WED AM News: NorthStar announces new contract development and manufacturing business unit; JFC approves $2.1M in settlements

— NorthStar Medical Radioisotopes has broken ground on a new facility in Beloit that will house a planned contract development and manufacturing business unit. 

The company yesterday announced the formation of the new “Radiopharmaceutical Contract Development and Manufacturing Organization,” or CDMO. 

NorthStar develops and produces radiopharmaceutical products for therapeutic and medical imaging uses. According to a release, the new CDMO services unit will provide development and commercialization services for other collaborating businesses. It will also support the company’s own pharmaceutical production for treatment of cancer and other diseases. 

CEO Steven Merrick says establishing this new unit “marks an important inflection point” in the company’s growth plan. 

“With our depth and breadth of technical knowledge in the development and production of medical radioisotopes, we are now expanding to help companies progress their own radiopharmaceutical development programs,” he said in the release.

That includes manufacturing treatment doses for those other businesses as well as its own radioisotopes, product research and development, quality control and more. 

In an emailed statement, a company spokesperson said the new facility will be able to help companies “that may require additional infrastructure, resources or the specialized knowledge required for complex radiopharmaceutical development, to help them develop and deliver products with the potential to improve care for even more patients with serious disease.” 

The design and construction phase has begun for the 36,000-square-foot facility, which is expected to come online in late 2024. The company declined to provide figures on the cost of the new development.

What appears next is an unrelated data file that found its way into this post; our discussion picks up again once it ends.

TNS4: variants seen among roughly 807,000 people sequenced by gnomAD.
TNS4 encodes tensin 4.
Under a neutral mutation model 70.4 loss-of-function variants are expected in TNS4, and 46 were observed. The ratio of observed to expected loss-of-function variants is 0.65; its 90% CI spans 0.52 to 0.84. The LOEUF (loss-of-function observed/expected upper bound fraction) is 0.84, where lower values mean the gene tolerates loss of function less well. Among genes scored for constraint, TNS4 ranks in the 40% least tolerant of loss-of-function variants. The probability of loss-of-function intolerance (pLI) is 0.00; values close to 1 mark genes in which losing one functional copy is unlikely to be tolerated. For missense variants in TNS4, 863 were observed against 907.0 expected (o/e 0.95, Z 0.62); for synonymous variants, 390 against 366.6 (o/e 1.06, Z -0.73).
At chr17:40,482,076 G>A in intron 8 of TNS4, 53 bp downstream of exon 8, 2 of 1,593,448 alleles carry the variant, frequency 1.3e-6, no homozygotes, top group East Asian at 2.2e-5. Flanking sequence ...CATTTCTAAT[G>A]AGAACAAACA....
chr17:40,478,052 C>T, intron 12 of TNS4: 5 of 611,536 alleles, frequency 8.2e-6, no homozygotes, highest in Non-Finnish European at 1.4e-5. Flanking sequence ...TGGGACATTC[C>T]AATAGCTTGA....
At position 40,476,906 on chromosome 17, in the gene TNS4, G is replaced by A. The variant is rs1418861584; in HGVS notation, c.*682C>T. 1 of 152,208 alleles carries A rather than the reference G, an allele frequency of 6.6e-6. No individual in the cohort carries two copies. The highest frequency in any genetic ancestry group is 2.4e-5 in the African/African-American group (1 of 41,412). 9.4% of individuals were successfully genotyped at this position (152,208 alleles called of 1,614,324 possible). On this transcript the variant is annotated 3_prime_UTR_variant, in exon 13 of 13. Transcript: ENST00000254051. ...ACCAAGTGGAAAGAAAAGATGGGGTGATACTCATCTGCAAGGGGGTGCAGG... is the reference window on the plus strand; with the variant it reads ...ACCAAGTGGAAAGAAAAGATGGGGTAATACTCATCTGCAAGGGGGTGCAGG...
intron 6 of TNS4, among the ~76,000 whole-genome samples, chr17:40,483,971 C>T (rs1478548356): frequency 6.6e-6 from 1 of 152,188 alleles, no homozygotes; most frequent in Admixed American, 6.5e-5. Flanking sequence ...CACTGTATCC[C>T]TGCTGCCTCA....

See more details in the release: 

See an earlier story on the company: 

<br><b><i>Top headlines from the Health Care Report … </b></i> 

— In its fifth annual lung cancer report, the American Lung Association ranks Wisconsin 10th in the country for screening and diagnosis rates. 

And Eau Claire dentist Dr. Christopher Johnson has been appointed president of the Wisconsin Dental Association. 

<i>For more of the most relevant news on COVID-19, reports on groundbreaking health research in Wisconsin, links to top stories and more, sign up today for the free daily Health Care Report from and</i>

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— The Legislature’s Joint Finance Committee has unanimously approved $2.1 million in settlements with five companies for violating various environmental and consumer laws.

The co-chairs added a provision to the approval that would require Attorney General Josh Kaul to deposit all attorneys’ fees from the settlements into the general fund if Republicans are successful in a lawsuit seeking to compel the Dem AG to do so. Kaul and GOP lawmakers have been at odds over laws Republicans approved in a 2018 lame-duck session giving the Legislature oversight of settlements the Department of Justice reaches.

The settlements include:

*Container Life Cycle Management LLC paying $1.65 million as part of a pre-suit settlement for violations of clean air and hazardous materials laws at its three facilities in the Milwaukee area. That includes the company exceeding its air permit limits over a more than four-month period in 2017 for emitted particulate matter at its interior and exterior spray booths. They’re part of the company’s operation refurbishing 55-gallon steel drums and large plastic chemical containers. The company also failed to maintain complete logs for inspections of the spray booths as required by the air permit. The consent decree includes a management plan going forward and stipulates additional penalties if the company fails to comply with the requirements in a timely manner.

*American Tax Solutions paying $328,950 in penalties as part of a pre-suit settlement for illegal mailers to consumers asking them to sign up for services on outstanding tax judgments. Among other things, the mailers used fictitious names and failed to disclose that the seller was offering or promoting the sale of consumer services. The penalty includes $119,077 to provide complete refunds to all the company’s Wisconsin consumers.